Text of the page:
[NOTE: 1] Samuel Mallard had a well-known Inn, “The Mallard House,” on site of “Royal Hotel”.

Excerpt from Book of Family History, by The Ven. William Odber Raymond, LL.D, FRSC. © 2009 George McNeillie – all rights reserved [published here with permission; see footnote].

George McNeillie

Alexander Campbell of Adolphustown: Part 1, by Jean Norry

My Loyalist ancestor Alexander Campbell (1729 — 1811) was described by many of his descendants, including myself, as a Lieutenant in the Loyal Rangers. He is listed as a Lieutenant on page 80 of “Rolls of the Provincial (Loyalist) Corps, Canadian Command, American Revolutionary Period”, a very useful little book by Fryer and Smy, published by the Dundurn Press. I inherited my father’s genealogy papers. He had a huge Campbell file with letters from distant cousins asking for information about Dad’s Campbells, but especially about Alexander and his military career as a Lieutenant. All these distant relatives had a mental fixation on the Black Watch, the 42nd Regiment that I couldn’t fathom. I thought that Alexander wasn’t involved in this regiment and this was a mistake that was passed around much like computer mistakes are propagated today.

So, when I started to do research on Alexander for a UEL Certificate I expected to find thousands of acres in his name because he had been rewarded with land for being an officer in the Loyal Rangers during the American Revolution. I thought his six daughters would have made petitions for land, as daughters of a Loyalist, naming him as an officer. But not so. Only one, his oldest, Ann Radenhurst of York (1769 — 18) made a petition for land in 1831, 20 years after her father had died. She referred to her father as Alexander Campbell of Adolphustown, gentleman. It was a big down-size of Alexander’s career. The Lieutenant idea began to evaporate.

I think Ann Radenhurst wanted money for her son’s house in Perth. He was Thomas Radenhurst, a lawyer and at one time the clerk of the Bathurst District, living in Lanark County. Now, she didn’t say she wanted money for her son’s house renovation in her petition… It’s just that 1831 is the same year for the petition and the renovations. This house is called the Radenhurst-Inderwick house today and it is described in some detail in “The Ancestral Roof” by Adamson and MacRae, on page 217. It is an early example of Ontario Loyalist style of architecture, often copied, and usually described as “in the vernacular”. It is just speculation that Ann Radenhurst helped Thomas with the house.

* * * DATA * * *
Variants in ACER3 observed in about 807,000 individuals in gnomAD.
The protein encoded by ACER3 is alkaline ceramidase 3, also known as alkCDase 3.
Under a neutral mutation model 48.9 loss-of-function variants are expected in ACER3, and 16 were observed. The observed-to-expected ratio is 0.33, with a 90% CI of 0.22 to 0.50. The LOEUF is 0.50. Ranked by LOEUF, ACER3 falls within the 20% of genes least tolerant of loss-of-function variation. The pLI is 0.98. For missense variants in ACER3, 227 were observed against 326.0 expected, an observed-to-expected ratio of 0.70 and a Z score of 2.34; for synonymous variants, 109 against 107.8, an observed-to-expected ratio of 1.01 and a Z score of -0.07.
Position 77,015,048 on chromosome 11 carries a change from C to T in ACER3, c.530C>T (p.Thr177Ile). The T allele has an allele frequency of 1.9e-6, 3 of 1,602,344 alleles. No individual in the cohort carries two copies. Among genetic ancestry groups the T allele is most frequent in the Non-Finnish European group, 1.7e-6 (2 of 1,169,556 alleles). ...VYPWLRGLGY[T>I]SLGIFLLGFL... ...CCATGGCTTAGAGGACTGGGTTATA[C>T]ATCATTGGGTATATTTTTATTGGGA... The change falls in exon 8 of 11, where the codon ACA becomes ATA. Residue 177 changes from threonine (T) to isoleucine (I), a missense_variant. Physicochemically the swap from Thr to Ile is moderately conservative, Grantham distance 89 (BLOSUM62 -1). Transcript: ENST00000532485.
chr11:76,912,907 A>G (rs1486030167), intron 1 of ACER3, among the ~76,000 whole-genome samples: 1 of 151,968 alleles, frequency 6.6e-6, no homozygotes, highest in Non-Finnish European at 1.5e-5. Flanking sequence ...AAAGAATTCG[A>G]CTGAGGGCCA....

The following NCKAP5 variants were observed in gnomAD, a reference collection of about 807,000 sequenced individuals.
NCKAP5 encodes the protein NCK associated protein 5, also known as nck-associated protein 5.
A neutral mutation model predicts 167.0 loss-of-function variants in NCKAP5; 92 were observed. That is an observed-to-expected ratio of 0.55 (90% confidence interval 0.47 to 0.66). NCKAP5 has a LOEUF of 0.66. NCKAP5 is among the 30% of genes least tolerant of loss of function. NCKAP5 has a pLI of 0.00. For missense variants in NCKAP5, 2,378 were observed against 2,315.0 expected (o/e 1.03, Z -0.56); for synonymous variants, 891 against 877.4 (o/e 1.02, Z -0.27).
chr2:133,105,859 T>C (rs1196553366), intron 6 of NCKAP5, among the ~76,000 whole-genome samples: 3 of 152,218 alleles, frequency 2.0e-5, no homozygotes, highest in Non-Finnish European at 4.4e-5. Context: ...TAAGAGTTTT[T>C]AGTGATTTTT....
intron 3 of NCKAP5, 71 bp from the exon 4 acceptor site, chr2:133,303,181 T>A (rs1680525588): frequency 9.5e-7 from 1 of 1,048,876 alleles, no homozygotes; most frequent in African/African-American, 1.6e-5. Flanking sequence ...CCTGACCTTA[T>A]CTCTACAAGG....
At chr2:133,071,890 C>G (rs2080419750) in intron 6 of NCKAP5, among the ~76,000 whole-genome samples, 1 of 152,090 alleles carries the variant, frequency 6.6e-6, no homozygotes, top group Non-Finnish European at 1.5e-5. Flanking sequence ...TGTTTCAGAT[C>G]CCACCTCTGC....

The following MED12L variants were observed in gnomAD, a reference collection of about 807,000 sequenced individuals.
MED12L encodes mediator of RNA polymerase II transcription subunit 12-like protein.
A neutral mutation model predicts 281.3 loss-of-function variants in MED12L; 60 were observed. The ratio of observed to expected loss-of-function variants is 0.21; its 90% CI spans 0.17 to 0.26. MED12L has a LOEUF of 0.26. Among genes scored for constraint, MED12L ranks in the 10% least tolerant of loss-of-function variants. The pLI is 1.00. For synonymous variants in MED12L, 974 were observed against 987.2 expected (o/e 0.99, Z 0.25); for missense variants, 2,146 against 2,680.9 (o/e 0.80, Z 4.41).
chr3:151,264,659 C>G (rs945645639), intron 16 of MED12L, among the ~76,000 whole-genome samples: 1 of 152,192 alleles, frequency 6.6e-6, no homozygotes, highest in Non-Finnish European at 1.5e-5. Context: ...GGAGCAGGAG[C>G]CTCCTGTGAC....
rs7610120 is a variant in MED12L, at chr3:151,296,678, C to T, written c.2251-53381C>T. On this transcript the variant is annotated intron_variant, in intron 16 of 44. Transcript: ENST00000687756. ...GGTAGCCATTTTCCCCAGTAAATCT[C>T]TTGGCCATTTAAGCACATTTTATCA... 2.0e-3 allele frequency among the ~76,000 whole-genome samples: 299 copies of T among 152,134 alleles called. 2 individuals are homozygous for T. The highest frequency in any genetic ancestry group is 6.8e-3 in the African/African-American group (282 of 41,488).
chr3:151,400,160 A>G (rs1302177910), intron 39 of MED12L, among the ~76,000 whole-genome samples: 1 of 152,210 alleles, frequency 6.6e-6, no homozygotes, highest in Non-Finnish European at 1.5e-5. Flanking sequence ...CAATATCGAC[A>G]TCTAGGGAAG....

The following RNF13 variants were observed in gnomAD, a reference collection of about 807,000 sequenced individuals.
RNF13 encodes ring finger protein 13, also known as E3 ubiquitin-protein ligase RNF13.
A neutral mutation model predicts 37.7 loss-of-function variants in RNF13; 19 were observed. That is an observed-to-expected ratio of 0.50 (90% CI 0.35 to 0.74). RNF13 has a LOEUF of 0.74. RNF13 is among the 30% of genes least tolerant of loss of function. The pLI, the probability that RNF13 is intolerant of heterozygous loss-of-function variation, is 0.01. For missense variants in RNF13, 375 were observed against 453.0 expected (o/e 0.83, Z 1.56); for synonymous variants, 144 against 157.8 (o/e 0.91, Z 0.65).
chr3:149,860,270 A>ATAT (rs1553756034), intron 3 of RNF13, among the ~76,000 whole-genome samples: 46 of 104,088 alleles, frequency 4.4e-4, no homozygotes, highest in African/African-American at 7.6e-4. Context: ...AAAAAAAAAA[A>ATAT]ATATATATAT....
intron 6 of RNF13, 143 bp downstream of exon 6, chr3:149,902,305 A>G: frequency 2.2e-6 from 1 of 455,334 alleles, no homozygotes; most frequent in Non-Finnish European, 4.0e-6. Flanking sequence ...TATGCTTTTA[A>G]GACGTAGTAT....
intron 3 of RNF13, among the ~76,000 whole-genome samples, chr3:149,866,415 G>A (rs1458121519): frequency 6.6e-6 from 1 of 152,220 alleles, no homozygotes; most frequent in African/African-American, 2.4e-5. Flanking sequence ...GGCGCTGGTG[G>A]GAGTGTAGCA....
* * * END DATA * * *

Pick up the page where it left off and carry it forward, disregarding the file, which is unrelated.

My next big problem was Archibald, the one and only son, (as described in Alexander’s will), who didn’t make petitions for land as a son of Alexander. He had arrived with his family in Adolphustown in June, 1784 with the Peter VanAlstine group when he was 15. He didn’t need to make a petition and this makes it difficult to prove he is the son of Alexander. However, Alexander made a will in April of 1811 wherein he left his farm to his one and only son Archibald and alternatively to his grandson Alexander. The problem is that it is typed, which makes it easy to read, but not suitable for the UEL application. The original hand written will, drawn up by James Noxen of Adolphustown on April 10th, 1811 isn’t available.I didn’t find it in the Ontario Archives nor at the Kathleen Ryan Archives at Queen’s University. However, this typed copy could be used along with other documents to make a Preponderance of Evidence.

Then there is a third problem about a possible extra daughter Eleanor who married Daniel Rose of the Loyal Rangers in Montreal in about 1782. Her son William was born in Quebec in 1783, according to Russ Waller’s “Loyalist Families”, page 375. Eleanor’s father is listed as Alexander Campbell. She might be our Alexander’s daughter, but she isn’t mentioned in his will. Maybe she belonged to another Alexander Campbell, but it remains a good possibility that she is one of ours. If she was 18 when little William was born, she was born in 1765 or 1766 and she would be the oldest in our Alexander Campbell family… This Eleanor is a mystery.